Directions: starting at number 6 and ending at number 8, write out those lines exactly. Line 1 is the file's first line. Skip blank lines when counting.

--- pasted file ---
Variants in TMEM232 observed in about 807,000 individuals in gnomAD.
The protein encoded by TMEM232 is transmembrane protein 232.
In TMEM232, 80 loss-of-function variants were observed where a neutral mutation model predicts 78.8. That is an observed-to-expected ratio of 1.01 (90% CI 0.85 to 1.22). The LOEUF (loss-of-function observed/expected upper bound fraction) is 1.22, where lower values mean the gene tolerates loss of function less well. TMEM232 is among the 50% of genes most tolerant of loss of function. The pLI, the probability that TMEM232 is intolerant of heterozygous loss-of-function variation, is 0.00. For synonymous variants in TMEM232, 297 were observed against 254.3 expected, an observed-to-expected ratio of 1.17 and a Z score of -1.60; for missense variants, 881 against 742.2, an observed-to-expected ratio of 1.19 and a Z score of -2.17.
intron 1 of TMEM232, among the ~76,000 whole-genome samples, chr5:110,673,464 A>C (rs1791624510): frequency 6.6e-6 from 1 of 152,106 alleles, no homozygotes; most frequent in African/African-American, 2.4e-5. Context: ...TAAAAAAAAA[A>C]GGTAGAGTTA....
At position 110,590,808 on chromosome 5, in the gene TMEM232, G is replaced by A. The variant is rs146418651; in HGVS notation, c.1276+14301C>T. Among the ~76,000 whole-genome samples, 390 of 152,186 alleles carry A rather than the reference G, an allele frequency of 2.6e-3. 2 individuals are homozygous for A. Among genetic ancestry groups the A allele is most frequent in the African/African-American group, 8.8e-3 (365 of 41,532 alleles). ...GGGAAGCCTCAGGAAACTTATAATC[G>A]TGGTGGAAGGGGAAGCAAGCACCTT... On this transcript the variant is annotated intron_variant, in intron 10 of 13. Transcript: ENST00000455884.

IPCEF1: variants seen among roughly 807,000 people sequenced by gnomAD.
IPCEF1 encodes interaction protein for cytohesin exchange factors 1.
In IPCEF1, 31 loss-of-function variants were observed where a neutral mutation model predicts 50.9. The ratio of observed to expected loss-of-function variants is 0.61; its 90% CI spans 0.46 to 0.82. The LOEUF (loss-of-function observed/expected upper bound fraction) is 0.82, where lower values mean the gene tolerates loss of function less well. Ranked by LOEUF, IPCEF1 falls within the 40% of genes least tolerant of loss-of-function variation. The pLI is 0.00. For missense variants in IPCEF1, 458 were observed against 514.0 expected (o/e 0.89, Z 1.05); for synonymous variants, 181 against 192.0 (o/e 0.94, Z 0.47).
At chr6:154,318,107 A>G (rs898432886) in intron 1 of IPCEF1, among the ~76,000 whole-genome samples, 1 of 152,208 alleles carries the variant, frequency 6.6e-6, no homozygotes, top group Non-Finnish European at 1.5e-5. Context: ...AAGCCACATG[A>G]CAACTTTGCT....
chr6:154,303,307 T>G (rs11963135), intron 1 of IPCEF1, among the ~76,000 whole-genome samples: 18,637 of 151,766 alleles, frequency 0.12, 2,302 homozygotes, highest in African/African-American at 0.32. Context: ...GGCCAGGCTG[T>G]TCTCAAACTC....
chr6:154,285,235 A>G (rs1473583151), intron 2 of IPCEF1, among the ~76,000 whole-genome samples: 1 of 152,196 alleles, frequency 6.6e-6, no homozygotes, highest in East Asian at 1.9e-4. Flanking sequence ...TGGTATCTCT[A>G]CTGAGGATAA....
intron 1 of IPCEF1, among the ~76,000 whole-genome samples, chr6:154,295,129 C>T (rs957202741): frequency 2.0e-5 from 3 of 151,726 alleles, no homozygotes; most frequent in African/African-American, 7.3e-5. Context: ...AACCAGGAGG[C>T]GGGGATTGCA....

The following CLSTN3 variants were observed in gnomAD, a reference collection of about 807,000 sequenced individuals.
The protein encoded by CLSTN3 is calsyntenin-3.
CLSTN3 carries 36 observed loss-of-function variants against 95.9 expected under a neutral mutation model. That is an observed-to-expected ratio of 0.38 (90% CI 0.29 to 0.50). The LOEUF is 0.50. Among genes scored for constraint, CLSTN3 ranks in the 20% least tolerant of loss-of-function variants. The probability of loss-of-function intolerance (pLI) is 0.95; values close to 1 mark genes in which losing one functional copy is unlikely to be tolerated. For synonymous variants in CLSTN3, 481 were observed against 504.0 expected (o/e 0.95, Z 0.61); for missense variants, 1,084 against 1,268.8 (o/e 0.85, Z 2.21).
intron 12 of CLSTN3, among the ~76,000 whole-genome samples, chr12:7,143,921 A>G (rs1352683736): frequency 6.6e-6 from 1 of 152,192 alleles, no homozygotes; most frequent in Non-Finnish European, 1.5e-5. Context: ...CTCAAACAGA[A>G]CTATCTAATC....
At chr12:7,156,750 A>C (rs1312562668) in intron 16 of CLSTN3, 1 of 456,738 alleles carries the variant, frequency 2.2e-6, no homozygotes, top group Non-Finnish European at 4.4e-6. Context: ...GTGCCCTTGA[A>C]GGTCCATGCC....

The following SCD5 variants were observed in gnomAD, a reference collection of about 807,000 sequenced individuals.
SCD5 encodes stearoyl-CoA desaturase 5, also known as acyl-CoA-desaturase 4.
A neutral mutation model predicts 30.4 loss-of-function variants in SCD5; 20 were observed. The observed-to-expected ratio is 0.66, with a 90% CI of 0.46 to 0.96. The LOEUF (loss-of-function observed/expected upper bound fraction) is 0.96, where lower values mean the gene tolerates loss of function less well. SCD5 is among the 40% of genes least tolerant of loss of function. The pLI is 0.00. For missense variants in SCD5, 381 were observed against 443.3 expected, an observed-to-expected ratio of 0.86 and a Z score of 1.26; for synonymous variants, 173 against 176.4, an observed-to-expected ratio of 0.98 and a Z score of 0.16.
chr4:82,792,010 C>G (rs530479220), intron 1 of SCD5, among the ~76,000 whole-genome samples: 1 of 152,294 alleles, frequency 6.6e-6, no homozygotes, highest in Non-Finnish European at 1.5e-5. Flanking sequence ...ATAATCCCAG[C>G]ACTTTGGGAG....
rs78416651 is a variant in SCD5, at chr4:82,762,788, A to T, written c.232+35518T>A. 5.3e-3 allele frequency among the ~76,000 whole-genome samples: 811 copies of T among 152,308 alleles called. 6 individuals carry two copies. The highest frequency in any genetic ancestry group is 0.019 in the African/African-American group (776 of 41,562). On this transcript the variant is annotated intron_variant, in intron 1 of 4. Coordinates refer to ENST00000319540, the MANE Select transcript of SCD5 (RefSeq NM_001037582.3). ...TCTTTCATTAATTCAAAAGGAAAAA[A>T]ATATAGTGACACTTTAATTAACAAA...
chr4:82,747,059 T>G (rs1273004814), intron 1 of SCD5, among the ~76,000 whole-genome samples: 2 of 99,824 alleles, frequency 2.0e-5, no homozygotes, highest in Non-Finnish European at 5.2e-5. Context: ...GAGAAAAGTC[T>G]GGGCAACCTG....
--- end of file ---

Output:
IPCEF1: variants seen among roughly 807,000 people sequenced by gnomAD.
IPCEF1 encodes interaction protein for cytohesin exchange factors 1.
In IPCEF1, 31 loss-of-function variants were observed where a neutral mutation model predicts 50.9. The ratio of observed to expected loss-of-function variants is 0.61; its 90% CI spans 0.46 to 0.82. The LOEUF (loss-of-function observed/expected upper bound fraction) is 0.82, where lower values mean the gene tolerates loss of function less well. Ranked by LOEUF, IPCEF1 falls within the 40% of genes least tolerant of loss-of-function variation. The pLI is 0.00. For missense variants in IPCEF1, 458 were observed against 514.0 expected (o/e 0.89, Z 1.05); for synonymous variants, 181 against 192.0 (o/e 0.94, Z 0.47).